experiential knowledge, internationalisation knowledge, societal knowledge, business network knowledge, social capital, factor analysis, cluster analysis, knowledge profile, emerging markets, entry process
National Category
Business Administration
Research subject
Economy, Business administration
Identifiers
urn:nbn:se:lnu:diva-11802 (URN)
Available from: 2011-05-20 Created: 2011-05-20 Last updated: 2011-06-07Bibliographically approved
4. The Effect of Specificity of Experiential Knowledge on the Degree of Perceived Uncertainty in the Foreign Entry Process
Open this publication in new window or tab >>The Effect of Specificity of Experiential Knowledge on the Degree of Perceived Uncertainty in the Foreign Entry Process
(English)Manuscript (preprint) (Other academic)
Abstract [en]

This study examines the uncertainty reducing effects of experiential knowledge in the foreign market entry process. From a literature review, three types of experiential knowledge, ranging from low to high specificity, are identified and discriminated. A theoretical model is developed, and the three types of knowledge are hypothesised as uncertainty reducing in the foreign market entry process. The theoretical model is confronted with a dataset collected on site at 203 Swedish SMEs. The results of the structural equation model reveal that societal knowledge and business network knowledge have an uncertainty reducing effect in the foreign market entry process. Internationalisation knowledge on the other hand has no significant uncertainty reducing effect. As a consequence, the analysis supports the argument that the more specific the experiential knowledge is, the greater the uncertainty reducing effect in the market entry process.

Keyword
internationalisation process; foreign market entry; experiential knowledge; internationalisation knowledge; societal knowledge; business network knowledge; uncertainty; knowledge specificity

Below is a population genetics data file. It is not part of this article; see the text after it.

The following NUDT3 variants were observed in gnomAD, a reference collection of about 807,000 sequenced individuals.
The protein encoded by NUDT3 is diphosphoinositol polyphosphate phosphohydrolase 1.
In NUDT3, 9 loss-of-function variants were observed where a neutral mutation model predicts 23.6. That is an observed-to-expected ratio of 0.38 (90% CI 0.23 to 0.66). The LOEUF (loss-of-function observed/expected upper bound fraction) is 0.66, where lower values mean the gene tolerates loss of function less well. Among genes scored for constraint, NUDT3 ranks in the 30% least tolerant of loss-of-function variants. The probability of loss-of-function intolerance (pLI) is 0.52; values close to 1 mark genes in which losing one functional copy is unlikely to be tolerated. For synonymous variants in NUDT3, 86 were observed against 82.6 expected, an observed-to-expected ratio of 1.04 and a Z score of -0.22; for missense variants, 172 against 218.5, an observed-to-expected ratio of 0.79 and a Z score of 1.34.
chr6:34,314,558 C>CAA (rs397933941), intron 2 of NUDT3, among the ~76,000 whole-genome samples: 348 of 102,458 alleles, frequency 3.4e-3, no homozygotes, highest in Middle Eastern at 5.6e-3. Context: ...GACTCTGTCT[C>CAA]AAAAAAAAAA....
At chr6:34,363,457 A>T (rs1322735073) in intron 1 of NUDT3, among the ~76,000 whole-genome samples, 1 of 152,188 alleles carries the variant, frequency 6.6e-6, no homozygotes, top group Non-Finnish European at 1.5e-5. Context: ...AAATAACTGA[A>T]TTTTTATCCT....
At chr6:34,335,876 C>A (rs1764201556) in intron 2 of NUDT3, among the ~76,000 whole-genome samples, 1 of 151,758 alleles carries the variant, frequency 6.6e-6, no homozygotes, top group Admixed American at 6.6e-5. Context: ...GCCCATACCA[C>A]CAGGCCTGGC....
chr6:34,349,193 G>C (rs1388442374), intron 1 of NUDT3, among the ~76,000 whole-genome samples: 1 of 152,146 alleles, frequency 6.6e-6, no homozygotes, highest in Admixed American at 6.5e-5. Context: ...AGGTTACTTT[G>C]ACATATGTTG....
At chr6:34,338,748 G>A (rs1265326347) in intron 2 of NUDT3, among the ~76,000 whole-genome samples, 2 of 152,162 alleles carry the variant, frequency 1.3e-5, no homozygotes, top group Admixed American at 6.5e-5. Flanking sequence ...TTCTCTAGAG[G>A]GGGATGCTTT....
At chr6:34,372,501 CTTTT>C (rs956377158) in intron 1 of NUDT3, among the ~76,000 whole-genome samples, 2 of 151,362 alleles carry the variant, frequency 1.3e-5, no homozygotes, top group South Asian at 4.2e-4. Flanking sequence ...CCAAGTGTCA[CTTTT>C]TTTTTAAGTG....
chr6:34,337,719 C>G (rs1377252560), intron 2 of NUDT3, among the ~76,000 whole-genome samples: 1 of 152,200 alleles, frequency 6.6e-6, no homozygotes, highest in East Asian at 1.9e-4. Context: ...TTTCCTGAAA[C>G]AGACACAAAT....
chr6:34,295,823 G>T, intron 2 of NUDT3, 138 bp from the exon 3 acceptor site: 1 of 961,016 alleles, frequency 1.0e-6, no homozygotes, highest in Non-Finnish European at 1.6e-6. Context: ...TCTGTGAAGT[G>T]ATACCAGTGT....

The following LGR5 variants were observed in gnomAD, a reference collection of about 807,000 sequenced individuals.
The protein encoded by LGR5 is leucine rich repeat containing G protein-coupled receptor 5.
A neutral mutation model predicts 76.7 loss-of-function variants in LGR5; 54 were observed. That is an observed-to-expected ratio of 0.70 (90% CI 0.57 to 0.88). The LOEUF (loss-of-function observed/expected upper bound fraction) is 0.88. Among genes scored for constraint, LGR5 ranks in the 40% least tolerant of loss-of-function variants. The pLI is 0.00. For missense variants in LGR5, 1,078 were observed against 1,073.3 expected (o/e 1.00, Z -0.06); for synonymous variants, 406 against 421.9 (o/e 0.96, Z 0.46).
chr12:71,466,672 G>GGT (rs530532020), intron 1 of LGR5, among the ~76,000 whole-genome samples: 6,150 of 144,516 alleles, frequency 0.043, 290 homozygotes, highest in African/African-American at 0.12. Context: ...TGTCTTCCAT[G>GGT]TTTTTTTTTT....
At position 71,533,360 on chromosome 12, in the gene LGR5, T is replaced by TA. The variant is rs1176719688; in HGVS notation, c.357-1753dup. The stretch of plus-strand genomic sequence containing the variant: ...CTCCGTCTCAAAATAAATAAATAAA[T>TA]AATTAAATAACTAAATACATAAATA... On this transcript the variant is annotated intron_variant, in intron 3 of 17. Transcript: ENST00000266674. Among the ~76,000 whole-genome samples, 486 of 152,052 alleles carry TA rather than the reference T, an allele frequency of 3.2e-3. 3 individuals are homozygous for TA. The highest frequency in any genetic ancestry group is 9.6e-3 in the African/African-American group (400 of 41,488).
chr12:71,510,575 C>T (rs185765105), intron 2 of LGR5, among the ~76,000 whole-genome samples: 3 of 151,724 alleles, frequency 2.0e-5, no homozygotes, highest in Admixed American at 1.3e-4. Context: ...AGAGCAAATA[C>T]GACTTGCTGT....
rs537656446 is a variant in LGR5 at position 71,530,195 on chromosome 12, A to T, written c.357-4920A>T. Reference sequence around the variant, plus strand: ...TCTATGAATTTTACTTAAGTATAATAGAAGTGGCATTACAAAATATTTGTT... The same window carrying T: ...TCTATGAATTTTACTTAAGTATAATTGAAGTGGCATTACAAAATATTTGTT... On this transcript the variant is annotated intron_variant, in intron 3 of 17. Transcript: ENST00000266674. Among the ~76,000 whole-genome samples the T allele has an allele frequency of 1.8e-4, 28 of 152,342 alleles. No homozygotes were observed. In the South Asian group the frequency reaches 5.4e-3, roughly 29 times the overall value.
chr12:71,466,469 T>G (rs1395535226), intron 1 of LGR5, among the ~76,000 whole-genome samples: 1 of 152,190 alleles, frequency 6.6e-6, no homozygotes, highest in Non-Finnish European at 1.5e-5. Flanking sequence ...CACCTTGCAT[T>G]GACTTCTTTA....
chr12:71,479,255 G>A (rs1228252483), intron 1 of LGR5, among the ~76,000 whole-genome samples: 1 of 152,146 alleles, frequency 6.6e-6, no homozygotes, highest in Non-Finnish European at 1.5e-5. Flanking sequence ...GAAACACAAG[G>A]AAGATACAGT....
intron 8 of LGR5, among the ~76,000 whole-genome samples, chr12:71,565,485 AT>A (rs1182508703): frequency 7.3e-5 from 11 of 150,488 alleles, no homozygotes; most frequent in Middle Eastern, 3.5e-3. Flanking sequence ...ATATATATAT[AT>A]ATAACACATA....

National Category
Business Administration
Research subject
Economy, Business administration
Identifiers
urn:nbn:se:lnu:diva-11803 (URN)
Available from: 2011-05-20 Created: 2011-05-20 Last updated: 2011-06-07Bibliographically approved
5. Perceived institutional distance in the emerging market entry process
Open this publication in new window or tab >>Perceived institutional distance in the emerging market entry process
2011 (English)In: International Journal of Business Environment, ISSN 1740-0589, Vol. 4, no 3, 268-286 p.Article in journal (Refereed) Published
Abstract [en]

We claim that difference in business environments is the result of differences between institutions. In this paper, a network perspective is taken on business markets and we set out to examine how differences in institutions are perceived in business relationships between firms originating from disparate business networks. The concept of perceived institutional distance is developed in three sequential stages. First, we conceptually develop the concept as an anchored theoretical construct. Second, we try out the concept empirically. Third, we verify the dimensions in which perceived institutional distance is manifested. The study reports from an on-site survey of 203 SMEs with experience of entering emerging markets. Five dimensions in which perceived institutional distance is manifested are presented: patience and rationality from the cognitive institutional pillar, distrust and reliability from the normative pillar, and sanctions from the regulative pillar.

Keyword
internationalisation processes; institutional network approach; institutional distance; on-site survey method; managerial perceptions.
National Category
Business Administration
Research subject
Economy, Business administration
Identifiers
urn:nbn:se:lnu:diva-11804 (URN)10.1504/IJBE.2011.041596 (DOI)
Available from: 2011-05-20 Created: 2011-05-20 Last updated: 2013-06-04Bibliographically approved